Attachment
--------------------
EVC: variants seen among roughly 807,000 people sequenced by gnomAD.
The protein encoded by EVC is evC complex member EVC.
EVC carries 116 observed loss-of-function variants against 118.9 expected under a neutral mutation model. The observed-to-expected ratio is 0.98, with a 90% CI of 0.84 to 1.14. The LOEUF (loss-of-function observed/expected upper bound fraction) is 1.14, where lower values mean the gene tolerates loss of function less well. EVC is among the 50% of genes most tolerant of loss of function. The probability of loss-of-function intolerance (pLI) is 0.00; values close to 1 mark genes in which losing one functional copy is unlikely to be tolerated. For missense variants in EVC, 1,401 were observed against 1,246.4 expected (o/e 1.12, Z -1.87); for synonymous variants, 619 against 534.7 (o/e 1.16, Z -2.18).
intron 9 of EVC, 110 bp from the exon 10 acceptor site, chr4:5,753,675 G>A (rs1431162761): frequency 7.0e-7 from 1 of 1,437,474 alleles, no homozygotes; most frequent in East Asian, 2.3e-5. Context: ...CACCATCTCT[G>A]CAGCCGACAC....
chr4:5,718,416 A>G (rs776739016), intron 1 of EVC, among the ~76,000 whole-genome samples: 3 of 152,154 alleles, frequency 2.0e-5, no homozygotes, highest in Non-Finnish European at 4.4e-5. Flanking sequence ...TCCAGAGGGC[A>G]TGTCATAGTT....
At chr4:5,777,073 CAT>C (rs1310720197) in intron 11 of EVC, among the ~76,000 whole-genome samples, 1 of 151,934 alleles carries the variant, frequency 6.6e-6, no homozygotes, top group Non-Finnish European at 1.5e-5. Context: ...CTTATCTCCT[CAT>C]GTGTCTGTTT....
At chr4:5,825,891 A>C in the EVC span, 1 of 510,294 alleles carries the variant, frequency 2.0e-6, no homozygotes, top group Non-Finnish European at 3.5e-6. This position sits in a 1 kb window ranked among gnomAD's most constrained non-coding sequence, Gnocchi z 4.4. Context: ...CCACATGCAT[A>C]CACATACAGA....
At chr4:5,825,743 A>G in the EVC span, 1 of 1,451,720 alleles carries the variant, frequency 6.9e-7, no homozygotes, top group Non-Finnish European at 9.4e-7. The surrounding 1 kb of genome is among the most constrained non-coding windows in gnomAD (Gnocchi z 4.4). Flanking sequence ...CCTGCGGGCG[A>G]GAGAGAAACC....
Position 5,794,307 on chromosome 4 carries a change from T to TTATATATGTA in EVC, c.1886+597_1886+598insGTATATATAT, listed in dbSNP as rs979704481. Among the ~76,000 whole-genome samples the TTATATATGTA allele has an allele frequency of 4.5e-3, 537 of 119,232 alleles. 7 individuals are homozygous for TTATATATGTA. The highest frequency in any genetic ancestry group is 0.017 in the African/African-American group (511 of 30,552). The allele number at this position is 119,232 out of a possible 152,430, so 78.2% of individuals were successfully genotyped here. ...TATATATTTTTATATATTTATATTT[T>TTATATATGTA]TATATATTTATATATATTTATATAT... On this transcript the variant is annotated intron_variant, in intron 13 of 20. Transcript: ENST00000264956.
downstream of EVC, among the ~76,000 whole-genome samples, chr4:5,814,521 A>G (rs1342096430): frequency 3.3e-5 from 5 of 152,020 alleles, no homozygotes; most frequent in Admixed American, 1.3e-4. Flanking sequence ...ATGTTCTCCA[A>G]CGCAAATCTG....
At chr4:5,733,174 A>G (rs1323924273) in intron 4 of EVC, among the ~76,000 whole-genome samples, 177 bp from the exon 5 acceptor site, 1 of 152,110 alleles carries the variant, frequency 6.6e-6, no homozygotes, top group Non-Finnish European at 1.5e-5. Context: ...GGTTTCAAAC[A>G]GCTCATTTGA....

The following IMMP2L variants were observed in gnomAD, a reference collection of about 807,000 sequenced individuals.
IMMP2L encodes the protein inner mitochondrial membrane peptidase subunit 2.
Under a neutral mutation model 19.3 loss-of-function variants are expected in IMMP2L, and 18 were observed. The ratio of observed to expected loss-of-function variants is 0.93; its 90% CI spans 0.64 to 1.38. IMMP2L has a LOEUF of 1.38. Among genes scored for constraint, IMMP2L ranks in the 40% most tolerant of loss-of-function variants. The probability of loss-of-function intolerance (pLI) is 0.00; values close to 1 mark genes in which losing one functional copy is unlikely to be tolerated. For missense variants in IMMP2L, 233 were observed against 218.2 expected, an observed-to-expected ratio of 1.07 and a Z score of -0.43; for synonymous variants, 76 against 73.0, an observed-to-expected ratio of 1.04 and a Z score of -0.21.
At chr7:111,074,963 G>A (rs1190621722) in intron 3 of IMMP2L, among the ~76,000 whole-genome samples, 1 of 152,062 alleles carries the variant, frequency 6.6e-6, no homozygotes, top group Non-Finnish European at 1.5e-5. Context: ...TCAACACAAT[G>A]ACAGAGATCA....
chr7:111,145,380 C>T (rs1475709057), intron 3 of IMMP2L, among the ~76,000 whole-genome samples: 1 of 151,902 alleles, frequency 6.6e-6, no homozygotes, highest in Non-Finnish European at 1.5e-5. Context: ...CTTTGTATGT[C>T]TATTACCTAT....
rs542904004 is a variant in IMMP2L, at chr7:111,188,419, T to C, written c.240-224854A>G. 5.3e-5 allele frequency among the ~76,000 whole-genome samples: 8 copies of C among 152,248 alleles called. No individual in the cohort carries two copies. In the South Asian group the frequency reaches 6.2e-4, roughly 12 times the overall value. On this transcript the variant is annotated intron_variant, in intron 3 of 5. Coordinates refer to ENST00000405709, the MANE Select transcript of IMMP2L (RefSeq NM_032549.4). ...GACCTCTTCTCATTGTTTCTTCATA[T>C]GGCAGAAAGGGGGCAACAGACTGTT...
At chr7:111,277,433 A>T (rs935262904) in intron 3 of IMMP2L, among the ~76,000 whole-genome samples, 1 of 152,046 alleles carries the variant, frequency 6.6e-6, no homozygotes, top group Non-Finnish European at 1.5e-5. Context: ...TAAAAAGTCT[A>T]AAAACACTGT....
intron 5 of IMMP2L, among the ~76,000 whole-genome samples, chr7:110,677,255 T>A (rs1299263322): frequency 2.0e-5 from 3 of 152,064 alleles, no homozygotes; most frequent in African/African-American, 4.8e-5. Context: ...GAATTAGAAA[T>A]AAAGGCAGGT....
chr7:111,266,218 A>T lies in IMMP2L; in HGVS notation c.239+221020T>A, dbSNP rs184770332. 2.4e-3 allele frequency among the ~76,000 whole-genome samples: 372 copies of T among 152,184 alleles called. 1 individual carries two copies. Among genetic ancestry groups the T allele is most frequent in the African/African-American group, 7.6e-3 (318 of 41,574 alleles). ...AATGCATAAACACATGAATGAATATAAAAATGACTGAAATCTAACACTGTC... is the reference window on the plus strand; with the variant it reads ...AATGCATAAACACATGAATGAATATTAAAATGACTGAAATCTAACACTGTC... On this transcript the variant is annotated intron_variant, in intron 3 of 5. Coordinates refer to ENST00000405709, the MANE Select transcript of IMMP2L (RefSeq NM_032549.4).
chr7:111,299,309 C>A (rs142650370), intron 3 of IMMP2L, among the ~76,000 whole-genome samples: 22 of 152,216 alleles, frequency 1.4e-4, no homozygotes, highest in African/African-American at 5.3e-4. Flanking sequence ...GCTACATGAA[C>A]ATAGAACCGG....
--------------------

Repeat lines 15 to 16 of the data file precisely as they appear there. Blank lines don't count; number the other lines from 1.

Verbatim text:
At chr7:111,074,963 G>A (rs1190621722) in intron 3 of IMMP2L, among the ~76,000 whole-genome samples, 1 of 152,062 alleles carries the variant, frequency 6.6e-6, no homozygotes, top group Non-Finnish European at 1.5e-5. Context: ...TCAACACAAT[G>A]ACAGAGATCA....
chr7:111,145,380 C>T (rs1475709057), intron 3 of IMMP2L, among the ~76,000 whole-genome samples: 1 of 151,902 alleles, frequency 6.6e-6, no homozygotes, highest in Non-Finnish European at 1.5e-5. Context: ...CTTTGTATGT[C>T]TATTACCTAT....